“If you bought a car in the last five years, some of its parts were probably made by Uyghurs and others were forced to work” in China, says a study from the British University of Sheffield Hallam. Steel, aluminum, batteries, electronics. China gives them without a problem. At the price of forced labor of the Uighurs. It “significantly intervenes” in the supply chain of global car manufacturers such as Volkswagen, Mercedes-Benz, BMW, Tesla, Ford and GM, Toyota and Honda, Stellantis in its brands Fiat, Chrysler, Dodge and Jeep , underline the four authors of this study published on Tuesday, after six months of investigation.
The survey is part of a series of studies conducted by the university documenting the use of forced labor in Xinjiang in many industries, from PVC building materials to solar panels. The study specifically states that “the world’s largest producers of steel and aluminum have moved to the Uyghur region thanks to subsidies and incentives from the Chinese government”. Academics say they rely on sources such as company annual reports or websites, but also Chinese government guidelines and state media as well as customs records.
laughinglegal, ethical and reputational risk according to the study
The American auto union UAW reacted immediately by “urgently asking the auto industry to move its entire supply chain out of the region” of Xinjiang, where many Uyghurs live. General Motors stressed in a message to AFP: “We actively monitor our global supply chain and conduct extensive reviews, especially when we identify or become aware of potential violations of the law, our agreements or our policies”.
According to the researchers, the automakers indicated that “deep supply chain traceability is unattainable and understanding the situation in the Uyghur region is a challenge.” The auto industry must guarantee the traceability of its supply chains to “ensure that it is not complicit in the forced labor regime”, otherwise it runs “a huge legal, ethical and reputational risk”, the academics replied. China categorically denies any persecution of this Muslim minority.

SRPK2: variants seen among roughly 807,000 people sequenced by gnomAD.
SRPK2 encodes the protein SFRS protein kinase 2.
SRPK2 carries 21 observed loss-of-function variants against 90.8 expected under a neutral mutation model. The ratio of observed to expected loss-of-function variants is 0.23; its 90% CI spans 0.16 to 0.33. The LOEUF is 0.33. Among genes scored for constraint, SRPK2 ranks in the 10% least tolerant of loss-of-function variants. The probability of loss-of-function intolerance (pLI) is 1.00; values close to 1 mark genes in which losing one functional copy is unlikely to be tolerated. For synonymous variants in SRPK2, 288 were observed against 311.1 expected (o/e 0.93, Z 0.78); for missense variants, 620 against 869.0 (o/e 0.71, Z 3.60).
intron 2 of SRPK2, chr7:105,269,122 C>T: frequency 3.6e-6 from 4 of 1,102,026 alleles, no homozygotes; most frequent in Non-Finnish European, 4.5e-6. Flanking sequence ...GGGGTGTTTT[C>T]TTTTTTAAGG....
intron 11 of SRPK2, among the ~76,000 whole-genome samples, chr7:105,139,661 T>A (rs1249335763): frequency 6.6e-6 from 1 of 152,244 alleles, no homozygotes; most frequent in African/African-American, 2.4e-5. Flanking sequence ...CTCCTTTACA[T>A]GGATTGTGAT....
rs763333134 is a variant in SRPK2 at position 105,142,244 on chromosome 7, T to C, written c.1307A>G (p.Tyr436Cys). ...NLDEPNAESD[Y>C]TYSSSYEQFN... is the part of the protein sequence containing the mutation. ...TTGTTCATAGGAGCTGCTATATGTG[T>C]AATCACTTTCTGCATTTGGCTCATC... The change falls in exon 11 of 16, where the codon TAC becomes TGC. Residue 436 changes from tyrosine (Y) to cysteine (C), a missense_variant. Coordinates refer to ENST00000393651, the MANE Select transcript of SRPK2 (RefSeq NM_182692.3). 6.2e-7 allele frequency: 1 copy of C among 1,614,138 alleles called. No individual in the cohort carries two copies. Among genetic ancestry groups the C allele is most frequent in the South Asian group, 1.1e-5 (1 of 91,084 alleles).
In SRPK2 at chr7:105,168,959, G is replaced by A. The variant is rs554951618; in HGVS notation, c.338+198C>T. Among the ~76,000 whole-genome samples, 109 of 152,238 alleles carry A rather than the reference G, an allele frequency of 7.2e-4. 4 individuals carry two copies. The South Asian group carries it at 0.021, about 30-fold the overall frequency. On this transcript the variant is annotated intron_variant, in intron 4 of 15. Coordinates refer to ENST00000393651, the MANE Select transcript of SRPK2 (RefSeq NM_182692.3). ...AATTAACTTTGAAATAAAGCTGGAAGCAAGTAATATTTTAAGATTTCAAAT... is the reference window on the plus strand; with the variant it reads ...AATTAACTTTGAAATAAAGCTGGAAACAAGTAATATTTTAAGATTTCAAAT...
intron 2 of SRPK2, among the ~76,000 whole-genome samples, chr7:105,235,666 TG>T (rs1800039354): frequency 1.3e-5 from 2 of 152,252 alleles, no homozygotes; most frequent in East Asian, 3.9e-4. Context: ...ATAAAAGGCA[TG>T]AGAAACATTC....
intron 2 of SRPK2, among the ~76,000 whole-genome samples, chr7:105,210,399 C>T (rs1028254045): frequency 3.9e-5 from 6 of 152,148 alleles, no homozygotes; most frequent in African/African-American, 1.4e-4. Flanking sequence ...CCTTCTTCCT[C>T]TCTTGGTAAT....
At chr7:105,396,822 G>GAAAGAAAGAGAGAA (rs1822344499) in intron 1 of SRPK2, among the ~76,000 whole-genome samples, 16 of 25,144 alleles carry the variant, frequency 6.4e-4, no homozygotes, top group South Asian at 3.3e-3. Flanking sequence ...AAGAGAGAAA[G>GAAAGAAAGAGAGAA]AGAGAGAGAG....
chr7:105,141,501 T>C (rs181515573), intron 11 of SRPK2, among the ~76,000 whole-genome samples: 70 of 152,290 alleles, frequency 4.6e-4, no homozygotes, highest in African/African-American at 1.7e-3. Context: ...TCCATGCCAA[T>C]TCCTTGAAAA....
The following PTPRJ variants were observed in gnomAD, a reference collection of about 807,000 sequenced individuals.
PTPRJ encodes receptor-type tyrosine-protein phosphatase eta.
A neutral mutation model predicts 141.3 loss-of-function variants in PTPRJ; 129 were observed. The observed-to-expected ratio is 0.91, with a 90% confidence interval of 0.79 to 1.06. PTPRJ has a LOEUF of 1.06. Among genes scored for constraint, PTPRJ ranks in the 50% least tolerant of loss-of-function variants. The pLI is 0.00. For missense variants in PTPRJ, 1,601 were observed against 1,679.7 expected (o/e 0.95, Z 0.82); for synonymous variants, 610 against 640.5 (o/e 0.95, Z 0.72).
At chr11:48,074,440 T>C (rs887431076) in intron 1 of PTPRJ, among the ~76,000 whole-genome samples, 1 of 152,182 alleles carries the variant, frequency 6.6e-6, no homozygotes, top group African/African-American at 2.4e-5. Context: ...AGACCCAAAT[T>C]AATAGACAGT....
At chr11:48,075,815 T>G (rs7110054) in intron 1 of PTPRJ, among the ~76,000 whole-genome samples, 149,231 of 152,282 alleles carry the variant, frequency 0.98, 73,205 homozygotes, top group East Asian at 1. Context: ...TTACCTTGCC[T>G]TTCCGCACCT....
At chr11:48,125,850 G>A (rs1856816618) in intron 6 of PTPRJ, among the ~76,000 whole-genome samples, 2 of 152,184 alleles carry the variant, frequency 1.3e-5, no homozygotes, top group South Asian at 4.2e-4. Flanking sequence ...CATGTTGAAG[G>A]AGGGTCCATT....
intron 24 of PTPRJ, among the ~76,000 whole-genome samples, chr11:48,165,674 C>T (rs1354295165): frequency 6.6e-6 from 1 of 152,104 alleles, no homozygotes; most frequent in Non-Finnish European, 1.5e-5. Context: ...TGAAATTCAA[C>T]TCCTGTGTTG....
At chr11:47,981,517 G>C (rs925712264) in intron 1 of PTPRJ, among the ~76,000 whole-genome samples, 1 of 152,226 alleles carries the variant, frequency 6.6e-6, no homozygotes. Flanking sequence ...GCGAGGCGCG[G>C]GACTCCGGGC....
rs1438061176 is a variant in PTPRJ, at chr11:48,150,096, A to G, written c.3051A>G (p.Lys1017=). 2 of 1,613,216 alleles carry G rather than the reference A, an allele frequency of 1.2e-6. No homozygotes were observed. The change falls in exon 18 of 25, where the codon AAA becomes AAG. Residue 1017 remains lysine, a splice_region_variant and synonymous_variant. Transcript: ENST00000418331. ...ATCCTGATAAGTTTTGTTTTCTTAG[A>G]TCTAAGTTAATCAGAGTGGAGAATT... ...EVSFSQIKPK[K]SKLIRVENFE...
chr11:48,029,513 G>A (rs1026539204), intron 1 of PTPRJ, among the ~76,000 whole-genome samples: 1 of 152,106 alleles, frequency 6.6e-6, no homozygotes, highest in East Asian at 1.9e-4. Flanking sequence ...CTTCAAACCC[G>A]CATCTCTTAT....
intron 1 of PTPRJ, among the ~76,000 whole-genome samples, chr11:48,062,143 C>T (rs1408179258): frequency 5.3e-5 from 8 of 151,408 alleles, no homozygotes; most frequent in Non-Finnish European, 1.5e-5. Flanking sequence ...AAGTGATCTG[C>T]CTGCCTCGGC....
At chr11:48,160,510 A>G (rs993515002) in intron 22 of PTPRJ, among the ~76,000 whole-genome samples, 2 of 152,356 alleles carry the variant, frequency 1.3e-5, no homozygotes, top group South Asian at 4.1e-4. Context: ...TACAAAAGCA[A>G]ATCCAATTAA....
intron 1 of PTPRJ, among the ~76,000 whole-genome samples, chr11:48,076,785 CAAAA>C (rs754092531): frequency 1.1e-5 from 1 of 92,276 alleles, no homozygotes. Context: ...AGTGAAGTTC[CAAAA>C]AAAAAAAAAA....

China controls the electric vehicle component chain
The question is all the more important because China dramatically controls the global supply chain of parts for electric vehicles. The former Middle Kingdom controlled 60% of raw materials and refined 80%, according to a consensus of experts. China also produces 80% of the magnets used in electric motors and 90% of all electric motors themselves. It has a virtual monopoly on batteries. “Two-thirds of large battery factories will still be located in China in 2030”, even predicts Philippe Varin, ex-CEO of PSA in a public report on securing supplies.
China controls “75% of the global battery production chain, 50% of the total value of an electric model”, warned Luc Chatel, president of the French Automotive Platform. And now, the Chinese are also exporting their cars to Europe. The most aggressive of them, MG, sold more than 50,000 cars in Europe alone last year. But the subsidiary of the powerful SAIC group announced in mid-September that it intended to at least double its sales every year in the Old Continent. Mostly electric cars. A plant is under study in the euro zone.
French justice opened an investigation in June 2021 for “covering up crimes against humanity” targeting four textile giants, including Inditex and Uniqlo, accused of profiting from the forced labor of Uyghurs in China. The US Senate unanimously approved in July 2021 a bill banning the import of products made in Xinjiang to condemn “forced labor” in this region of northwestern China.